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Parchment is a term often used generically to refer to animal skin prepared for writing purposes, although it is more correctly applied only to sheep and goat skin, with the term ‘vellum’ reserved for calf skin. The information outlined in this guide applies to both parchment and vellum but for simplicity’s sake only the term 'parchment' will be used.
There are many inherent factors affecting the quality of parchment including the type of animal skin used, its diet, health and age. Over time, there has been widespread misunderstanding about the appropriate handling and care of parchment. Instead of working with its nature, people have worked against it, mistakenly treating it like paper.
Causes of damage
- Parchment is very hygroscopic (i.e. it absorbs and emits moisture easily) and reacts dramatically to changes in relative humidity (RH) and direct contact with water or other fluids.
- The process by which parchment is made creates a highly stressed sheet material which is relatively inelastic and stiff. As long as it stays dry, it cannot revert to the original shape of the animal. However, if exposed to fluctuating (e.g. 50% to 70% RH within 24 hour period) or high (over 60%) relative humidity levels, significant distortion can occur as the skin tries to return to its original shape. This can cause splitting of the skin and cracking and flaking of any pigments applied to the skin’s surface. This damage can be exacerbated if the parchment has been restrained in some way such as glued to a backing board.
- The addition of moisture to the surface of parchment causes swelling and thickening of the affected area causing transparency, contraction, and inflexibility. In the case of a parchment book, blocking or sticking together of the pages can occur.
- If parchment is too dry it will become very hard and brittle increasing the potential for cracking and breaking. If it contains too much moisture it turns soft and putrefies.
- It is important to treat parchment in a manner that compensates for its inherent nature. Never force curled or distorted parchment to open out or to lie flat – this can cause damage such as cracking of the skin and of pigments. Gentle humidification can relax parchment allowing safe handling. This treatment should be undertaken by a conservator.
- Parchment should be stored in a cool, stable environment, ideally around 50% relative humidity and 20°C. If the parchment becomes too dry, it will become very hard and brittle. If it contains too much moisture it can become soft and rancid. Significant fluctuations in temperature and humidity can cause distortion.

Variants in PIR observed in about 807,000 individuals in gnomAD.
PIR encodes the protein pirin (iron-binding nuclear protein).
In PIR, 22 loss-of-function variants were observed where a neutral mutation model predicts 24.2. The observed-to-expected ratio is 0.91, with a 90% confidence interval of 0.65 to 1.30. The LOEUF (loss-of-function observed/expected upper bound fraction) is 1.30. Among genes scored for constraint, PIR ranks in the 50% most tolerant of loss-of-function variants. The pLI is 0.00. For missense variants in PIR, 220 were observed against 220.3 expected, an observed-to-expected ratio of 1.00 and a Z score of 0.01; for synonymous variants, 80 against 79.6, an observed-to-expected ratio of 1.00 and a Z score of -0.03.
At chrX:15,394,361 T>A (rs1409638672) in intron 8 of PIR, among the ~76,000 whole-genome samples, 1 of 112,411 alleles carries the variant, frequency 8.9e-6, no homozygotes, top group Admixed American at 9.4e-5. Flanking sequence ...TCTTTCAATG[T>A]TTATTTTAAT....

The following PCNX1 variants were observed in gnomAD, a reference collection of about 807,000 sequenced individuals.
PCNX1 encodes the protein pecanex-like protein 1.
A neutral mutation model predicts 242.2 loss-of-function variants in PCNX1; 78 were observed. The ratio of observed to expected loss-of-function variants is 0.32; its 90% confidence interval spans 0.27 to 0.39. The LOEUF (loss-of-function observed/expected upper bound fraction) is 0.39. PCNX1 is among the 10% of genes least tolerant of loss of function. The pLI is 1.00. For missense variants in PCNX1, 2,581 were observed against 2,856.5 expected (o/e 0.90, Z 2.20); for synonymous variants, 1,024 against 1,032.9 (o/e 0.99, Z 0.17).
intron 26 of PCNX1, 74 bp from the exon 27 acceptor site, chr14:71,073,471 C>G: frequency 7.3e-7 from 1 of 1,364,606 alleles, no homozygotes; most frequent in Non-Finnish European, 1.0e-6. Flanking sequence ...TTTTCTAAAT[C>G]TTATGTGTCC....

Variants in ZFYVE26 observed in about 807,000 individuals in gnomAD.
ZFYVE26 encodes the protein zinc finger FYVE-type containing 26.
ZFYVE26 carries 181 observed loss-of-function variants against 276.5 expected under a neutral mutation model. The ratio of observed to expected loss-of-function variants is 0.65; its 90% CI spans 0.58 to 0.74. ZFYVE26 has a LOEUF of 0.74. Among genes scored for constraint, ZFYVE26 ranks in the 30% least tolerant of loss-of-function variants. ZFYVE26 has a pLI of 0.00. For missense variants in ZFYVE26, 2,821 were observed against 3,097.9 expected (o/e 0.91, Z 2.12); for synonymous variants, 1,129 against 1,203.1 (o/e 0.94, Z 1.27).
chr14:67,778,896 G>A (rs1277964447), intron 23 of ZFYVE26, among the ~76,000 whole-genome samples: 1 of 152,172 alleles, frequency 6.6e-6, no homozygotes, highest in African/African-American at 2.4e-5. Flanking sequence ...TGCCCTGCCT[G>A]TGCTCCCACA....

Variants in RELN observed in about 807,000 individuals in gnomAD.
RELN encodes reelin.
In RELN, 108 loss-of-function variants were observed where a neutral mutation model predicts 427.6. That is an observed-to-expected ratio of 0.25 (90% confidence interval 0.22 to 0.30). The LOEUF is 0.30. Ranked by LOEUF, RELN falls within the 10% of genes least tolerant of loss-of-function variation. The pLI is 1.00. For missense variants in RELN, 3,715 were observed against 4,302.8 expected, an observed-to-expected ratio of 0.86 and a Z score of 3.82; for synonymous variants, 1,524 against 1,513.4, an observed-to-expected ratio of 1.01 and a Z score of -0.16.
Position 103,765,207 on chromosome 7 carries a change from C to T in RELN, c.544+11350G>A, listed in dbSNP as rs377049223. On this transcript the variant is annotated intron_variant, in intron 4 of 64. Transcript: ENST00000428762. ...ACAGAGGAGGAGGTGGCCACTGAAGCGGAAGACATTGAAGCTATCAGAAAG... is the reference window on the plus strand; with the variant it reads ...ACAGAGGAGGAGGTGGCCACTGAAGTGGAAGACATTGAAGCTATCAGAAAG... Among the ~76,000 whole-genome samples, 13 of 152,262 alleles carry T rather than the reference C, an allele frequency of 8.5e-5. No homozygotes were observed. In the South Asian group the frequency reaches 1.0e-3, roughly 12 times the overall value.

- Choose a room that is cool, well insulated and well ventilated. If possible avoid rooms with external walls. Protect parchment from direct daylight and artificial light. This will minimise fading of any inks or pigments.
- Keep storage areas uncluttered and clean to discourage insect and rodent activity.
- If stored in the correct conditions, parchment is a durable material.
- Methods of mounting parchment flat such as sandwiching between glass or adhering to a backing board are not recommended. It is important for mounting systems to compensate for the natural movement of the skin. A number of safe techniques have been devised by the conservation profession. For further details, consult a conservator.
- If mounting is not required, the parchment object should be housed in a suitable acid-free, lignin-free storage box. This will provide some buffering against changes in humidity and temperature and will not hinder the skin’s movement. Some natural distortion of the parchment should be expected and should not cause concern.
Applied and pendant seals
- Many legal parchment documents have either paper or wax seals. Wax seals contain beeswax, shellac, and often a pigment. They are hard, brittle, and adhere to the surface of the paper or hang from the bottom of a document. The wafer or gummed paper seal is much like a postage stamp. The adhesives used in affixing them to a cover vary widely. They are generally marked in ink with a printed monogram or initial. Some of the larger wafer seals are sensitive to moisture.
- Care should be taken to prevent them from being broken or crushed as they are often brittle. Folding or rolling of the document can cause significant harm. A protective barrier in the form of a padded calico bag or acid-free tissue around the seal will provide a shock absorber and keep the seal clean. If a seal is broken, a padded bag around it will stop the pieces from being lost.
- In the case of framing, a depression made in the mount will secure the seal, often without further need for fixings.
- Light, delicate cleaning with a dry cotton bud is all that is required in most cases.
- Seal repair should only be done by a suitably trained conservator.
For more information on appropriate storage systems, conservation treatment, or mounting parchments we recommend you contact a Paper Conservator in private practice through the Australian Institute for Conservation of Cultural Material (AICCM) www.aiccm.org.au.
- AICCM Australian Institute for Conservation of Cultural Material
- AIC American Institute for Conservation
The procedures described here have been used by State Library of Queensland in the care of its collections and are considered suitable by State Library as described; however, State Library will not be responsible for damage to your collections should damage result from the use of these procedures.
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